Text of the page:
IN recent days we have seen some remarkable religious coverage in major newspapers and magazines.
Newsweek had a portrayal of Jesus on its cover and a lengthy section offering new scholarly insights into the ``Gospels at the core of Christianity.'' Time offered a two-page spread expounding on the complex reasons underlying Christ's crucifixion. U.S. News & World Report had the cover story ``Spiritual America: In God We Trust,'' a major examination of religious faith in America. It was based on a poll that found America one of the most religious countries on earth. The Wall Street Journal led with an editorial praising the return of religion to the public discourse after a time of eclipse.
It is easy to dismiss all this as nothing but a flurry of seasonal stories keyed to Easter. But editors of major publications are smart people. They know that a dull cover story that does not grip the readers' interest can lose tens of thousands of street sales on a single issue. They are putting religion on the covers because it sells - because there is new and major public interest in the topic.
Perhaps there is no greater confirmation of this than a recent Nieman Reports that devoted the best part of an issue to ``God in the Newsroom - 15 Articles on Coverage of Religion.'' Nieman Reports is the magazine of the Nieman Foundation at Harvard, which is devoted to journalists and journalism and is center for the prestigious Nieman fellowships.
It is good that journalists are taking a look at the way they cover religion for, with some exceptions, the attention they have devoted to it in the past has been slender. As New York Times religion correspondent Peter Steinfels explains: ``Only something like 50 of the country's roughly 1,550 dailies have reporters covering religion full time,'' although in fairness these include many of the major outlets. The religious coverage of television news is much bleaker. No network, says Mr. Steinfels, has a full-time religion correspondent ``or anything comparable to the expertise devoted to science, and health reporting, let alone weather and sports.''
This journalistic neglect of religion may be changing as public attitudes change. Writing in the religion issue of Nieman Reports, Harvard divinity professor Harvey Cox says a ``religious renaissance of sorts appears to be going on all over the globe. Ancient faith traditions that some scholars were sure had been either gutted by secularism or suffocated by repression have gained a new lease on life. Buddhism and Hinduism, Christianity and Judaism, Islam and Shinto, and many smaller sects are back in action as vigorous and controversial players on the world stage.''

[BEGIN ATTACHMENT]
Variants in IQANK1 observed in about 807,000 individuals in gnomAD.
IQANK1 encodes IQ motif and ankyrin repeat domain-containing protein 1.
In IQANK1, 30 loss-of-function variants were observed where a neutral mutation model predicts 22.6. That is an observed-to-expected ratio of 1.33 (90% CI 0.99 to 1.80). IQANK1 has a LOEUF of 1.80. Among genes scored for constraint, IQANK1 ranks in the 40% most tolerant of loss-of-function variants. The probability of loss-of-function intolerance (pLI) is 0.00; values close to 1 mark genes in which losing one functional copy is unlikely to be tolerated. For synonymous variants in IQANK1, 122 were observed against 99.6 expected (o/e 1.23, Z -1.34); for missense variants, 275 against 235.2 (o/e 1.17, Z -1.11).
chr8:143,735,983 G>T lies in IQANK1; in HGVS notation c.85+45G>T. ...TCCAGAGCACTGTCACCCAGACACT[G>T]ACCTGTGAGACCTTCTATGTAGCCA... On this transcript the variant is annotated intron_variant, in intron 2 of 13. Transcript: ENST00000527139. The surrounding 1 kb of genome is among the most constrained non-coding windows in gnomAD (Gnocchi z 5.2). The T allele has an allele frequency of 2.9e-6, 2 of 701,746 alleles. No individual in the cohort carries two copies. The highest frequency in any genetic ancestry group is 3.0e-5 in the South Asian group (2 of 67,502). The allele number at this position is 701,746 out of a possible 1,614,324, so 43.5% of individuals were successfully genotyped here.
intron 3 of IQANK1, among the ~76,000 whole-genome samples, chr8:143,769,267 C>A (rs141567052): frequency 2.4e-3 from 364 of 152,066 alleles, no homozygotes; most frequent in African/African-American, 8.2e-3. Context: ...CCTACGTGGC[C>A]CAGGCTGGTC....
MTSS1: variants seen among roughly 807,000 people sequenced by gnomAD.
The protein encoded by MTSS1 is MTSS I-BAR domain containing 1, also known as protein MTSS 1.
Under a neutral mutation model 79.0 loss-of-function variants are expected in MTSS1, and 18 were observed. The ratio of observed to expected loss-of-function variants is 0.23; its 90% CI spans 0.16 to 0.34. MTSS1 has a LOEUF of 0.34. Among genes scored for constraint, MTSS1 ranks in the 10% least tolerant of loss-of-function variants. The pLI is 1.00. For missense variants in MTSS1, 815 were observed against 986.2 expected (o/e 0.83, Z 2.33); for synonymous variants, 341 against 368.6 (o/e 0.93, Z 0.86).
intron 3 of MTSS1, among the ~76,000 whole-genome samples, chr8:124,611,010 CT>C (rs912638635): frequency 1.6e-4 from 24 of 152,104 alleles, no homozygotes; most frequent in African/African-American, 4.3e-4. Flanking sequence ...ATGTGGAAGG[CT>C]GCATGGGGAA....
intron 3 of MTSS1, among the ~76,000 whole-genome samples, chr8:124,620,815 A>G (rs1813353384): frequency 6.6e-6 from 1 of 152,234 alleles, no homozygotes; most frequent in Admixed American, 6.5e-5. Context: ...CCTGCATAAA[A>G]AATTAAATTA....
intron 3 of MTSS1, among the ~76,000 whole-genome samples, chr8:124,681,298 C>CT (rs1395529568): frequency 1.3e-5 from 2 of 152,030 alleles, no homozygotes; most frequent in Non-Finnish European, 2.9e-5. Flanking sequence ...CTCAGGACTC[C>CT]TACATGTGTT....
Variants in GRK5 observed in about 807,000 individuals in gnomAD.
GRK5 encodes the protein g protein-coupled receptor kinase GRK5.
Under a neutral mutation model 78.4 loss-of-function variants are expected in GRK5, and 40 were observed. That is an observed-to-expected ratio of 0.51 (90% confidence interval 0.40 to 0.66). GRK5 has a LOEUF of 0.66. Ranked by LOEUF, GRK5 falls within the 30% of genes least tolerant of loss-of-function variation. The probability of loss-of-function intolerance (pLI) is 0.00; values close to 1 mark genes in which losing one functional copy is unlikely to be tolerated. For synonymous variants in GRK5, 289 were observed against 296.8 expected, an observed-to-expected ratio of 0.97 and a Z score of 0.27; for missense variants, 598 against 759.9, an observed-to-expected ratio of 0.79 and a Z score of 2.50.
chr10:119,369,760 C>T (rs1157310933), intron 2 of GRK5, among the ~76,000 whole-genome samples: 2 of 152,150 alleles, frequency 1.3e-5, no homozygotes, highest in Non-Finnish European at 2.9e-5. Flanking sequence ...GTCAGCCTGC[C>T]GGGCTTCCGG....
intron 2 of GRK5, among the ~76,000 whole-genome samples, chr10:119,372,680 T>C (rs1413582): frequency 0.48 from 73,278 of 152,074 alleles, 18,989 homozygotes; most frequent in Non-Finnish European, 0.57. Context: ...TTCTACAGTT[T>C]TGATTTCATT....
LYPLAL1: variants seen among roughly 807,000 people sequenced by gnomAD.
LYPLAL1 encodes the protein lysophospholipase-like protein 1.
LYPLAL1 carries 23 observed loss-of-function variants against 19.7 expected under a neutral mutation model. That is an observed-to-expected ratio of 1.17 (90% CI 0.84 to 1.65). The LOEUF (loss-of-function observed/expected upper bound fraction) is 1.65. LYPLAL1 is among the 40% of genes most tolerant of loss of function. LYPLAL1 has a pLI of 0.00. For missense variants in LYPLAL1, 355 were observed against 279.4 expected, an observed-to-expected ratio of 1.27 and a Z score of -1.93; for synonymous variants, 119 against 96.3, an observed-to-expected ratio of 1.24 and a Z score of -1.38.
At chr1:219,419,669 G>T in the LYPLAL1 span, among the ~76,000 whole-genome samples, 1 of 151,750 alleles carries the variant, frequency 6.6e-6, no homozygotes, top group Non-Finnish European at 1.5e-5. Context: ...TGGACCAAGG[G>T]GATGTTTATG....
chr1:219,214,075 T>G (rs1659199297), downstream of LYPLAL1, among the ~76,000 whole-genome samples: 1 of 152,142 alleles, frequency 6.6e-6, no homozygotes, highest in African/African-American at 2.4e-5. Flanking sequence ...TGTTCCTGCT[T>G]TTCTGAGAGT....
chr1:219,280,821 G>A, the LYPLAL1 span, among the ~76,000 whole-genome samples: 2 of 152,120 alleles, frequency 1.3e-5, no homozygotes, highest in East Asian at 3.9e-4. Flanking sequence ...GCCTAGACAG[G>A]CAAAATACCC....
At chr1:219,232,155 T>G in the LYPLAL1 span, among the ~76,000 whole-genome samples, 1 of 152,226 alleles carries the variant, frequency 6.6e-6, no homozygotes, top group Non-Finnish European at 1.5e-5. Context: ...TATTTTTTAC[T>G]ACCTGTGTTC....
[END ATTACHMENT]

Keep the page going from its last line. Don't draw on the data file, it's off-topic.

Whatever the future, can it be that Americans, always a religious people (95 per cent say they believe in God or a universal spirit; 60 per cent say they attend religious services regularly, according to the U.S. News poll), are turning to religion with deeper commitment because of their concern that their country has lost its moral compass?
They are beset by drug use, crime in the streets, violence on TV, abuse in the home, the breakdown of the family. Is there now a burgeoning perception that if government cannot solve all this, maybe religion can?
Says one religious leader: ``Healthy, traditional families are becoming an endangered species ... what could be more basic than love at home, when annually in America there are four million reports of domestic violence, rivaling the number of births annually in America?''
A few weeks ago, Time magazine's Hugh Sidey wrote a feature about George Bush's post-presidential life. The ``Grandfather in Chief,'' he called Mr. Bush, painting a picture of a man in love with his grandchildren and determined to make time for them.
Bush says: ``I firmly believe that the biggest danger to us is the disintegration of the American family.'' The American people seem caught up in a global religious revival. Maybe we are getting our priorities in order at last.